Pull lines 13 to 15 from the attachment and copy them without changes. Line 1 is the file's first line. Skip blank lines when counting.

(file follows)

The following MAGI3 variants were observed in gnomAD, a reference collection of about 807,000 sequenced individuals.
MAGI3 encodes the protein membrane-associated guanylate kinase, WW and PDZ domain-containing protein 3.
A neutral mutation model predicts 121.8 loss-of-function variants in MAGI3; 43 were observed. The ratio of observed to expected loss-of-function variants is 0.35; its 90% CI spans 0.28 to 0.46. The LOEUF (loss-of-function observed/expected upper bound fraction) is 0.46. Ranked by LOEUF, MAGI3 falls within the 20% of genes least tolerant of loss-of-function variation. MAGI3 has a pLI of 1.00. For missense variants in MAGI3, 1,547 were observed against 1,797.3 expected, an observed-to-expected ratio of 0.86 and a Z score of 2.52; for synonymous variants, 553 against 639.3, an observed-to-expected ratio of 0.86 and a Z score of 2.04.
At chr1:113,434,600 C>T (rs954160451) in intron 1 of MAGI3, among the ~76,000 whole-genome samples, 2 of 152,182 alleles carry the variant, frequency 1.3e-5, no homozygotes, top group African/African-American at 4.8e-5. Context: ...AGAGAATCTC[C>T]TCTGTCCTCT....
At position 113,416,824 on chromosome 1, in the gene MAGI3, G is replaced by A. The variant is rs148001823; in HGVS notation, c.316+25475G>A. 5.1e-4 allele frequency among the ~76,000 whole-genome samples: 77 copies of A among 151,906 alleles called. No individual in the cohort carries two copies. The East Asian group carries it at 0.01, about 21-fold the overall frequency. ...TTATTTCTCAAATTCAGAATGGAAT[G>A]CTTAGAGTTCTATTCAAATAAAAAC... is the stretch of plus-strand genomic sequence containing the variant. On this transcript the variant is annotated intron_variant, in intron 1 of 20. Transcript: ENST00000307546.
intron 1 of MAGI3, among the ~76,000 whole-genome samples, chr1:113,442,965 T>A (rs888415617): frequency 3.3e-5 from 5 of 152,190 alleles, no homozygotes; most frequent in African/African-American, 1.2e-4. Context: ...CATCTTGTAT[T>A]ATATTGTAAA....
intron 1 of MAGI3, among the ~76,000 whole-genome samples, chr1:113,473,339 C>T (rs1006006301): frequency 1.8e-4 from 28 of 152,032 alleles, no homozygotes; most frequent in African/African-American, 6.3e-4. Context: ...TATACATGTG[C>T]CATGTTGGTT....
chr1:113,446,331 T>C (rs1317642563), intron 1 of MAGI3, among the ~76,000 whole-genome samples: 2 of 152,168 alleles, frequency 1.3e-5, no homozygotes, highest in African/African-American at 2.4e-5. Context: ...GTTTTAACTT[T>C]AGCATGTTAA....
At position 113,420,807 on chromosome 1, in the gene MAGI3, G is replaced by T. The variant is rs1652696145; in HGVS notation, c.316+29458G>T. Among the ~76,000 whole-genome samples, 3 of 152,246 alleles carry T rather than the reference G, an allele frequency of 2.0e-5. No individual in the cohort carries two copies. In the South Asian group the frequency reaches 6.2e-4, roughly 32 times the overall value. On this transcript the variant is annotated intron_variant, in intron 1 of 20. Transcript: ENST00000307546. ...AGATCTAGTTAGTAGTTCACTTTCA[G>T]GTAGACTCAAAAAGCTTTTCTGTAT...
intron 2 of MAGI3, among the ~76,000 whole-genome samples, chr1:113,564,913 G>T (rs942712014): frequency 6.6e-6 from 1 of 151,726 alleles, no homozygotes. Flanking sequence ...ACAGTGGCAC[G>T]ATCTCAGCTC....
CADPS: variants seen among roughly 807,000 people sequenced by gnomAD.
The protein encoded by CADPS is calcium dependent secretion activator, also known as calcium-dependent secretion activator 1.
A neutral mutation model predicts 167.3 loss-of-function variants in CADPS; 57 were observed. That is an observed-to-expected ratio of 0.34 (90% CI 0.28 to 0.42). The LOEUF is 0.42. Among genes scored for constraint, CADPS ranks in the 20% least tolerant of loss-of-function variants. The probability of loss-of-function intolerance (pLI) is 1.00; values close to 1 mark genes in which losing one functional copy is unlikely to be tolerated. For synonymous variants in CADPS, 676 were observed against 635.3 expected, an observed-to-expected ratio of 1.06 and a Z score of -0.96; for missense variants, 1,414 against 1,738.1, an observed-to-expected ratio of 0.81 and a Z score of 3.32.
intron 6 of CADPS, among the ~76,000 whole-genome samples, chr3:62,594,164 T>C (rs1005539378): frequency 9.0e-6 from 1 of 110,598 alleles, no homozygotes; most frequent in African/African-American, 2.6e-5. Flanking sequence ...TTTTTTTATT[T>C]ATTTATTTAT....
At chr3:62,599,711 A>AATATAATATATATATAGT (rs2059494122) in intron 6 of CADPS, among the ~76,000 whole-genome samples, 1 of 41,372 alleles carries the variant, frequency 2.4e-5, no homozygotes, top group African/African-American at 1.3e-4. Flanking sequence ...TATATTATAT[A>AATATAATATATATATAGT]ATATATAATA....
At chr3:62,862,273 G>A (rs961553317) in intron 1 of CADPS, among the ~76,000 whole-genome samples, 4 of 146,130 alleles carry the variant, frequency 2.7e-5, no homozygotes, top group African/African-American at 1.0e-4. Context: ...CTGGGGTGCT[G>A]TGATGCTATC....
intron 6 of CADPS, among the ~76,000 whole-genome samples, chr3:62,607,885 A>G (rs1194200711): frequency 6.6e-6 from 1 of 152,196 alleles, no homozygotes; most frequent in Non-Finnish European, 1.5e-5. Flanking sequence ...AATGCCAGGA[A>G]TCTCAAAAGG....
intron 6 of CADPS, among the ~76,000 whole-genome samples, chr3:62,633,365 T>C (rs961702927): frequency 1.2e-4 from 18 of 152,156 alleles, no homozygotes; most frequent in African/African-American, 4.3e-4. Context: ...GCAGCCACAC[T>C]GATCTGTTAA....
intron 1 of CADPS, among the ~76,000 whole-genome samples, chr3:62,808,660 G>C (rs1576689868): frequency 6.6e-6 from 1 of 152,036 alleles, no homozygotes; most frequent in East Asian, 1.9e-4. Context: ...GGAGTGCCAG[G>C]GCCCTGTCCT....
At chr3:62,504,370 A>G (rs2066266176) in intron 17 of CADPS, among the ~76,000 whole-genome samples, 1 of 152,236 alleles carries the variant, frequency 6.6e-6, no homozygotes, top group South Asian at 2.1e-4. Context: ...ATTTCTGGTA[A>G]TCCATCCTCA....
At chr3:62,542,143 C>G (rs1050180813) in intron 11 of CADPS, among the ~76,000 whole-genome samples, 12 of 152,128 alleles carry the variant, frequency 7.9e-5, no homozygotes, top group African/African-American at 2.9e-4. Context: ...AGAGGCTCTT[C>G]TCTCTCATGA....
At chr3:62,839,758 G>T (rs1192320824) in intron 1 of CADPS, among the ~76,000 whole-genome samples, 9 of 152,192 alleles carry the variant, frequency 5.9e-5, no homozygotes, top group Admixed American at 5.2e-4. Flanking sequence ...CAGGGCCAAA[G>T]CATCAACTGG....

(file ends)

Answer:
A neutral mutation model predicts 167.3 loss-of-function variants in CADPS; 57 were observed. That is an observed-to-expected ratio of 0.34 (90% CI 0.28 to 0.42). The LOEUF is 0.42. Among genes scored for constraint, CADPS ranks in the 20% least tolerant of loss-of-function variants. The probability of loss-of-function intolerance (pLI) is 1.00; values close to 1 mark genes in which losing one functional copy is unlikely to be tolerated. For synonymous variants in CADPS, 676 were observed against 635.3 expected, an observed-to-expected ratio of 1.06 and a Z score of -0.96; for missense variants, 1,414 against 1,738.1, an observed-to-expected ratio of 0.81 and a Z score of 3.32.
intron 6 of CADPS, among the ~76,000 whole-genome samples, chr3:62,594,164 T>C (rs1005539378): frequency 9.0e-6 from 1 of 110,598 alleles, no homozygotes; most frequent in African/African-American, 2.6e-5. Flanking sequence ...TTTTTTTATT[T>C]ATTTATTTAT....
At chr3:62,599,711 A>AATATAATATATATATAGT (rs2059494122) in intron 6 of CADPS, among the ~76,000 whole-genome samples, 1 of 41,372 alleles carries the variant, frequency 2.4e-5, no homozygotes, top group African/African-American at 1.3e-4. Flanking sequence ...TATATTATAT[A>AATATAATATATATATAGT]ATATATAATA....